In general, water-treatment systems in the North Sea differ from those in the deepwater Gulf of Mexico (GOM). The two most apparent differences are the extensive use of hydrocyclones in the North Sea, and the use of large, multistage horizontal flotation units in the deepwater GOM. Deepwater-GOM platforms use hydrocyclones, but not nearly to the extent that they are used in typical North Sea platforms. Typically in the North Sea, if flotation is used at all, it is a vertical compact unit. The objective of this paper is to provide an understanding of the reasons for these differences. In this paper, field data and modeling results are presented to explain these differences. The models accurately correlate the measured drop size and oil-in-water concentration observed in the two regions. In addition, the modeling tools are used to answer hypothetical “what if” questions. This allows isolation of individual variables such as fluid temperature, shear, separator residence time, and fluid density. Thus, the modeling provides a detailed understanding of the relative importance of these variables. It also provides a direct comparison of the performance of North Sea vs. GOM process configurations. While the qualitative conclusions are well-known (i.e., deepwater separation systems are designed to minimize weight and space), the detailed understanding provided here provides insight into the design of water-treatment systems in general. It also emphasizes, in a quantitative way, the importance of carrying out effective water treatment early in the process and the necessary use of large end-of-pipe equipment when this is not possible.
This paper presents the results of a joint industry project (JIP) that developed an improved wellbore stability (WBS) tool for wells in three basin areas in the Gulf of Mexico (GoM) and North Sea. The analysis was performed in 106 wells to identify suitable rock failure criteria and rock strength correlation combinations for determining WB Sunder complex geological conditions. A “well quality index” (WQI) parameter was defined for calibrating the shear failure gradient (SFG), taking into account the over-gauge observed and the difference between the SFG and mud weight. In addition, a comparison is made for SFG calculations between an Abaqus finite element method (FEM) and Drillworks® (DWs) Predict Geostress modeling. The analysis showed that the SFGs obtained by these methods are practically identical. However, a three-dimensional (3D) numerical model is more appropriate for WBS analysis in a sub-salt environment because the stress field is strongly perturbed by the presence of salt.
The JIP DEA-161 was performed with the purpose of developing an improvedWBS prognosis tool and evaluating applicable rock failure criteria and rock strength correlations for wells in different basins, as well as determining the minimum limits on an acceptable dataset. Data from 199 wells were collected, and a WBS analysis was performed for 106 wells. The data were acquired in image format from the public domain and digitized as part of the project. The analysis was conducted using limited data. However, it was possible to performa wide variety of approaches and tests. Not all of these were successful, and the lessons learned from the unsuccessful attempts were invaluable in developing an overall successful set of guidelines, methods, and procedures that are incorporated into the results of the study.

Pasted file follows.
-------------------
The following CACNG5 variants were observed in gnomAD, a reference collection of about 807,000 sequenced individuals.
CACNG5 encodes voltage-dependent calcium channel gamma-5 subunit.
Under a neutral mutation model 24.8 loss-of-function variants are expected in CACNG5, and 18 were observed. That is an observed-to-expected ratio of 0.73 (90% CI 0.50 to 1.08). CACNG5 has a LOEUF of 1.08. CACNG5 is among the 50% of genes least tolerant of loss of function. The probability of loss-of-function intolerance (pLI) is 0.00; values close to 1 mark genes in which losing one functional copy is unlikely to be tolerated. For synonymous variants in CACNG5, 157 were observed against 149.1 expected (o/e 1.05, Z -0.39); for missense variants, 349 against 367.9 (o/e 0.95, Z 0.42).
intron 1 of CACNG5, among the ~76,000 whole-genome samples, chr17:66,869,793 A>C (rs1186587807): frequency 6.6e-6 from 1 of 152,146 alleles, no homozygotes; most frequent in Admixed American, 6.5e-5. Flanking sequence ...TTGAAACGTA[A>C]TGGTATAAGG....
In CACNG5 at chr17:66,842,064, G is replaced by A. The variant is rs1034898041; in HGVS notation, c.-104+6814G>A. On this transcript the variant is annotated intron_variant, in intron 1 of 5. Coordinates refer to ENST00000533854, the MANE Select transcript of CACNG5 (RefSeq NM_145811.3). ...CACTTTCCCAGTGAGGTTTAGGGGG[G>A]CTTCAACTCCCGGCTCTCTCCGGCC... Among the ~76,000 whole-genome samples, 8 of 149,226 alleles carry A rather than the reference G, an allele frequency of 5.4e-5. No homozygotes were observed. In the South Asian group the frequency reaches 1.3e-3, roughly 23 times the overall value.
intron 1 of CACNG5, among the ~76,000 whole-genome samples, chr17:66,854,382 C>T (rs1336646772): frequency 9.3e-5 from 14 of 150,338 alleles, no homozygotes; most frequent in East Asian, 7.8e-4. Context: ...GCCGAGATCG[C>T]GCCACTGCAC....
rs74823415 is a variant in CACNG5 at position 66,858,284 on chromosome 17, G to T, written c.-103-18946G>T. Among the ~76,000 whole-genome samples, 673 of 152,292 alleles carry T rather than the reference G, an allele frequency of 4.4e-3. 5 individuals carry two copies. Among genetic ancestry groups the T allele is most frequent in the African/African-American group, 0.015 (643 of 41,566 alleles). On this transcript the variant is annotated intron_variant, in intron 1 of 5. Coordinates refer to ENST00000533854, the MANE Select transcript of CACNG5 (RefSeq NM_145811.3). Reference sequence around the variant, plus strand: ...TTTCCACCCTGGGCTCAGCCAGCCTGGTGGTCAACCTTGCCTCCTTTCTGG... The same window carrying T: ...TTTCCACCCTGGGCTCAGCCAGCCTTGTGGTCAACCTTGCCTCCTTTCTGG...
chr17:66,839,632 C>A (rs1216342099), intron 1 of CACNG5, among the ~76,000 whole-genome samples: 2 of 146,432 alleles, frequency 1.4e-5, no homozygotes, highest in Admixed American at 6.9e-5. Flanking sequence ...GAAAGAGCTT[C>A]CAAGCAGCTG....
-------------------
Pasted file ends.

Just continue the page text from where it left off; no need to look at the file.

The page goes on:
2. Project Overview
Five major phases were performed during the project:
i) research to determine current industry practices;
ii) data gathering, quality control, and validation;
iii) determination of in-situ stress and rock strength;
iv) WBS analysis; and
v) documentation and communication of findings.
Figure 1 shows the location of seven fields in the northern GoM shelf and seven in the deepwater GoM basin. A total of 157 wells were analyzed in the two basins, and 76 had sufficient data to perform a full WBS analysis.
Projects in the global deepwater environment are increasingly complex, costly and often face significant schedule pressures to reach both a "commitment to develop" decision and "first oil/gas milestone". Typical industry deepwater project costs ranges from USD$1 billion for a small scale subsea tieback to upward of USD$10 billion for a custom design standalone hub class development. Therefore ensuring that the appraisal campaign addresses the data acquisition required to reduce both key subsurface, and key development uncertainties as well as enable a robust development decision is critical. The appraisal phase of the project (post discovery) is the most important early phase in the development cycle which sets the stage for the remainder of the concept selection, detailed design, execution and production phases of the development. This paper explores and discusses, with the use of relevant examples, the key aspects of appraisal planning and execution specifically related to reducing uncertainties and determining the ultimate development scope for deepwater oil and gas development projects. The paper does not attempt to expand on building understanding or managing the nontechnical aspects of early phase deepwater project management which can have an equally significant role in shaping the ultimate deepwater development project.